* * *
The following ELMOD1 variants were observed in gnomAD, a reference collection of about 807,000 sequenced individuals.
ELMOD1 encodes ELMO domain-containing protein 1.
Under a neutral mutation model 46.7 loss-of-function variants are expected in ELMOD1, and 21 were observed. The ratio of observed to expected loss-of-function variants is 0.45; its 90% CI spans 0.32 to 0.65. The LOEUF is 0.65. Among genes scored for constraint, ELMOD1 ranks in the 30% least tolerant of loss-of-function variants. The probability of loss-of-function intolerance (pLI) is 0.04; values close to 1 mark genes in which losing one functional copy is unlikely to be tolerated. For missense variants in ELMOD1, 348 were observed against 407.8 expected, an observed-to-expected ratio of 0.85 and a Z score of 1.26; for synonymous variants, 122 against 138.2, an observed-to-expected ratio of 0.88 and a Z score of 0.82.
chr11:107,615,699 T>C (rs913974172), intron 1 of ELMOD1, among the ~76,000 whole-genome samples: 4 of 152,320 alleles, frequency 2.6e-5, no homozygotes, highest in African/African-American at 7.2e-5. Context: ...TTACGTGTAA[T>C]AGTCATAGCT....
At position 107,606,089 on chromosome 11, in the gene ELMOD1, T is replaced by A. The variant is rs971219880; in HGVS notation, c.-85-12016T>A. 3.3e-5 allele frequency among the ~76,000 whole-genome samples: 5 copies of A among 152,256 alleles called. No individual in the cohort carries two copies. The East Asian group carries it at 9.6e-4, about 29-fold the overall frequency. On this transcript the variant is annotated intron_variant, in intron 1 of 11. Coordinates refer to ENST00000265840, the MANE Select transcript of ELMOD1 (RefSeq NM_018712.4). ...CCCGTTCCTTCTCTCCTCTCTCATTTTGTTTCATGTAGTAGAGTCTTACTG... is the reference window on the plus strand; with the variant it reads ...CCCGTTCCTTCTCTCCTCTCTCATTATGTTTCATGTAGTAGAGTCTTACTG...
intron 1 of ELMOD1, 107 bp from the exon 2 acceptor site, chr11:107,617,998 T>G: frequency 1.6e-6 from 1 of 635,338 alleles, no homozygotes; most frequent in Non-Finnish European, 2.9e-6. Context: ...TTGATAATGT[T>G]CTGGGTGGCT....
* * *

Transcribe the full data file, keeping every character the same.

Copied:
The following ELMOD1 variants were observed in gnomAD, a reference collection of about 807,000 sequenced individuals.
ELMOD1 encodes ELMO domain-containing protein 1.
Under a neutral mutation model 46.7 loss-of-function variants are expected in ELMOD1, and 21 were observed. The ratio of observed to expected loss-of-function variants is 0.45; its 90% CI spans 0.32 to 0.65. The LOEUF is 0.65. Among genes scored for constraint, ELMOD1 ranks in the 30% least tolerant of loss-of-function variants. The probability of loss-of-function intolerance (pLI) is 0.04; values close to 1 mark genes in which losing one functional copy is unlikely to be tolerated. For missense variants in ELMOD1, 348 were observed against 407.8 expected, an observed-to-expected ratio of 0.85 and a Z score of 1.26; for synonymous variants, 122 against 138.2, an observed-to-expected ratio of 0.88 and a Z score of 0.82.
chr11:107,615,699 T>C (rs913974172), intron 1 of ELMOD1, among the ~76,000 whole-genome samples: 4 of 152,320 alleles, frequency 2.6e-5, no homozygotes, highest in African/African-American at 7.2e-5. Context: ...TTACGTGTAA[T>C]AGTCATAGCT....
At position 107,606,089 on chromosome 11, in the gene ELMOD1, T is replaced by A. The variant is rs971219880; in HGVS notation, c.-85-12016T>A. 3.3e-5 allele frequency among the ~76,000 whole-genome samples: 5 copies of A among 152,256 alleles called. No individual in the cohort carries two copies. The East Asian group carries it at 9.6e-4, about 29-fold the overall frequency. On this transcript the variant is annotated intron_variant, in intron 1 of 11. Coordinates refer to ENST00000265840, the MANE Select transcript of ELMOD1 (RefSeq NM_018712.4). ...CCCGTTCCTTCTCTCCTCTCTCATTTTGTTTCATGTAGTAGAGTCTTACTG... is the reference window on the plus strand; with the variant it reads ...CCCGTTCCTTCTCTCCTCTCTCATTATGTTTCATGTAGTAGAGTCTTACTG...
intron 1 of ELMOD1, 107 bp from the exon 2 acceptor site, chr11:107,617,998 T>G: frequency 1.6e-6 from 1 of 635,338 alleles, no homozygotes; most frequent in Non-Finnish European, 2.9e-6. Context: ...TTGATAATGT[T>G]CTGGGTGGCT....